Putin meets EU-defying Orban in China
China has hosted a meeting between Russian President Vladimir Putin and Hungarian Prime Minister Viktor Orban during which the Brussels-defying leader said he has sought to keep relations with Moscow afloat even as the West tries to isolate Moscow diplomatically.
The meeting took place on Tuesday on the sidelines of the Belt and Road Forum in Beijing. Senior Russian officials participated in the talks, according to the Kremlin.
Putin said that opportunities for such contacts were “quite limited” under the current “geopolitical circumstances” and noted that Hungary and Russia maintained good bilateral relations despite the crisis.
“A chance to exchange opinions with Hungary, an EU member, not only on bilateral issues but also on the situation in the world and in Europe is important,” he added.
Putin noted that the two nations’ positions differed on some things, which made keeping the dialogue open more valuable.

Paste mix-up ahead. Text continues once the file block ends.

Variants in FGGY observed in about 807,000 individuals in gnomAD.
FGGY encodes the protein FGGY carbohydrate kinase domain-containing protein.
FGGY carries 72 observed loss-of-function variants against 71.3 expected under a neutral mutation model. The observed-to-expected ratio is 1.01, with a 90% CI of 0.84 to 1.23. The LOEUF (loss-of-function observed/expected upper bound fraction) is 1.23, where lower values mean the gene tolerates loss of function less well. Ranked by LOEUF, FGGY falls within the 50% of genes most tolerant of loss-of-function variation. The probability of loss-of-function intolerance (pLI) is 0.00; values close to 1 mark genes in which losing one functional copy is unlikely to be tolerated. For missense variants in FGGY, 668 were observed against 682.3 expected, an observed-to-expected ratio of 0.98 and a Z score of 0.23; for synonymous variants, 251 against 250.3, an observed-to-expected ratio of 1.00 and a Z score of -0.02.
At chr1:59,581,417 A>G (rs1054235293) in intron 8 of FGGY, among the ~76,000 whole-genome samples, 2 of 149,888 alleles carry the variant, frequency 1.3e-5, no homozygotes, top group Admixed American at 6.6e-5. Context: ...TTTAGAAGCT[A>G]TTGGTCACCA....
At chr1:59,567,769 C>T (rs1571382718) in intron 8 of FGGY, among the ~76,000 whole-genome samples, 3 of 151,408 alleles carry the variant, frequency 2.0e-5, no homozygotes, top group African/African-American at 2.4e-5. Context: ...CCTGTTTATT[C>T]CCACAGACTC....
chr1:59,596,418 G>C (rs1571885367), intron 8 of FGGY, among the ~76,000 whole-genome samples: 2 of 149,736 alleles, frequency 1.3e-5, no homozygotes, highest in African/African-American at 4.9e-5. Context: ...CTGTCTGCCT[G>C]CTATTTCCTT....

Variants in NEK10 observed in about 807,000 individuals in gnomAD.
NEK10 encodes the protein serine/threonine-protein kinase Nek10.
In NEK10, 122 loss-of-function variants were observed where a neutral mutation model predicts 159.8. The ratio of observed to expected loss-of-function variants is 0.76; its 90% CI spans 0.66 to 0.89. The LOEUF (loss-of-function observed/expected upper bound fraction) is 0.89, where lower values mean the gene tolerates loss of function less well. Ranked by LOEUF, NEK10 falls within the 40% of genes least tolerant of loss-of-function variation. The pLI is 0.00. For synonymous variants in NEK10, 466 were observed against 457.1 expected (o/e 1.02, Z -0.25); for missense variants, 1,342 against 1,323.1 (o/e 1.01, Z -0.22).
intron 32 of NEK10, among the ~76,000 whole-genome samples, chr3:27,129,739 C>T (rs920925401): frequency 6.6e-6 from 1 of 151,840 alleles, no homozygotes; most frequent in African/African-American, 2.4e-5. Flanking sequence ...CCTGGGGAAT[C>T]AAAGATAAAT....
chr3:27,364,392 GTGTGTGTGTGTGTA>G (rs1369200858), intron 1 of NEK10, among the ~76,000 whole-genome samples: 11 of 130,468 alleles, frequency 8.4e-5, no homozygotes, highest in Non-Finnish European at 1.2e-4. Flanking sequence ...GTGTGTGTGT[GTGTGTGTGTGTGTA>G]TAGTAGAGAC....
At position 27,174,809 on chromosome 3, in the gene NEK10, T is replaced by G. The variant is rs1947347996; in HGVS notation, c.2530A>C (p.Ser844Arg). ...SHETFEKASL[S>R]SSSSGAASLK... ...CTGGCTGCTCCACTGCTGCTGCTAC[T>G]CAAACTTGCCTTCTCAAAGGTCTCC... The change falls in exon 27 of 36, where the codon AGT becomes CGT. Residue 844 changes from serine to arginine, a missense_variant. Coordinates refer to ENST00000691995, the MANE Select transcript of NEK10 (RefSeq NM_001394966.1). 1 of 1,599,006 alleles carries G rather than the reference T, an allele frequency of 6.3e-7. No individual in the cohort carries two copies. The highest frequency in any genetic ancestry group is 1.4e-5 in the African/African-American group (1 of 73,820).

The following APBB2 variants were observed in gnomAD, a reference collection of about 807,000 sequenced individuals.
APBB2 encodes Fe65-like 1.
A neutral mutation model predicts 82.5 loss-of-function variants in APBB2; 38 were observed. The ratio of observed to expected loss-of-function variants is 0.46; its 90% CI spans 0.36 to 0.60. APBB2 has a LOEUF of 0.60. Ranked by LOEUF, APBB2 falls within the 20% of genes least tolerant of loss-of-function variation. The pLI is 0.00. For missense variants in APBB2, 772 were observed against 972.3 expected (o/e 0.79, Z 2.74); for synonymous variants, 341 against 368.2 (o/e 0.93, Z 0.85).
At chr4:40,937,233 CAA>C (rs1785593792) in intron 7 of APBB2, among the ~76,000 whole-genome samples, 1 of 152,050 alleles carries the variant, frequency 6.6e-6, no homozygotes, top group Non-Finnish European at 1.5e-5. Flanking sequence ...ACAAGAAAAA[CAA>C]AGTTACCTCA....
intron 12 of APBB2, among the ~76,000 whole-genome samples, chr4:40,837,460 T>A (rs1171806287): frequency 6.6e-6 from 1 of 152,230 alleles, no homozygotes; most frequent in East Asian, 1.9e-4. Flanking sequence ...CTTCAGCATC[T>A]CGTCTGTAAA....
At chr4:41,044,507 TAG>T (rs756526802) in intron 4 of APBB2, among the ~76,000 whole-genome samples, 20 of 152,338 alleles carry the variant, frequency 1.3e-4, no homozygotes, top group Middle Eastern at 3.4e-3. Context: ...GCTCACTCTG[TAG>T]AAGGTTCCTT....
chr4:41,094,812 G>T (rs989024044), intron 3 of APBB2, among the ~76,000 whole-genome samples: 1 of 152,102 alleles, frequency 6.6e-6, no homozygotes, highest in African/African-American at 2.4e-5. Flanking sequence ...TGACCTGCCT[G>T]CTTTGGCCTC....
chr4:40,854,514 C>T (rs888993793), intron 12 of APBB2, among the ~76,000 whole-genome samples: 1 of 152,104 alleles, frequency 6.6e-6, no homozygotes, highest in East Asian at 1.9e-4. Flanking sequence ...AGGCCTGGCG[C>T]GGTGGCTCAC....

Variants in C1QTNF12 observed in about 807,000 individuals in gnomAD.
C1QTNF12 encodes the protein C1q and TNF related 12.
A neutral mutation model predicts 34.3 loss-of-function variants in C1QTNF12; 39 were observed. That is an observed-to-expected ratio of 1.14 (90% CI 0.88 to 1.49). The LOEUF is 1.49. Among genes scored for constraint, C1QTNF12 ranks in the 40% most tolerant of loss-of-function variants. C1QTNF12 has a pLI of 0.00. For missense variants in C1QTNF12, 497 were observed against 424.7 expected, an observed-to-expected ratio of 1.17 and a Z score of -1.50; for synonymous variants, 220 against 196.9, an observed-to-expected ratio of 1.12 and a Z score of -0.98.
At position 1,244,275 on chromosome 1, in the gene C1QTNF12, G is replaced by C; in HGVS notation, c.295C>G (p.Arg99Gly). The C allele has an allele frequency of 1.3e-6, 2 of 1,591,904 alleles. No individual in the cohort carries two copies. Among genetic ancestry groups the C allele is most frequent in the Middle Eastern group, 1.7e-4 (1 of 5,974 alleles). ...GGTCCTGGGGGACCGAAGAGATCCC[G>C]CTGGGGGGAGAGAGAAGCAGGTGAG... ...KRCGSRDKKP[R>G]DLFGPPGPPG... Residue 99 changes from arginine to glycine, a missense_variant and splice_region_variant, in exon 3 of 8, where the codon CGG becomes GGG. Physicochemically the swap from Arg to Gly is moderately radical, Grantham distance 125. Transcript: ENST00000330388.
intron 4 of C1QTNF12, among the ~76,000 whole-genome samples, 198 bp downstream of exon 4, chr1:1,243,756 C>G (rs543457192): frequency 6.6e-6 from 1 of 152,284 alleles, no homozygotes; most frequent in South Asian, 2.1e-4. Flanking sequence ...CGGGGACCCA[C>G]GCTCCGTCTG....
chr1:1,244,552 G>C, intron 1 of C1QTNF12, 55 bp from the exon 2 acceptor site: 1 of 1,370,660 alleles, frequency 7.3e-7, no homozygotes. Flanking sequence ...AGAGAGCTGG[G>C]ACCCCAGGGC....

Orban admitted that Western sanctions imposed on Russia have had a detrimental impact on Hungary's relationship with the country. He further stated that Budapest is actively working to salvage whatever aspects of the cooperation can be preserved.
“Hungary never sought confrontation with Russia; on the contrary, Hungary’s goal was to establish and improve the relations,” the prime minister added.
He specifically noted Russian energy supplies and work on a nuclear plant in Hungary as examples of beneficial ties, which have continued despite the Russian-Western rift.
Orban has been highly critical of the EU’s approach to the Ukraine conflict, which the bloc has blamed on “unprovoked Russian aggression.” He has urged de-escalation rather than military support for Kiev, arguing that Western assistance has resulted only in mounting costs from the conflict. For instance, the Hungarian leader stated that sanctions have done more harm to the EU than to Russia and have failed to change the Kremlin’s policies.
Moscow has said that NATO’s expansion in Europe and militarization of Ukraine since the 2014 armed coup in Kiev, as well as Ukraine’s refusal to stop attacks on rebels in Donbass, were the key causes of the crisis. It perceives the conflict as part of a wider US proxy war against Russia.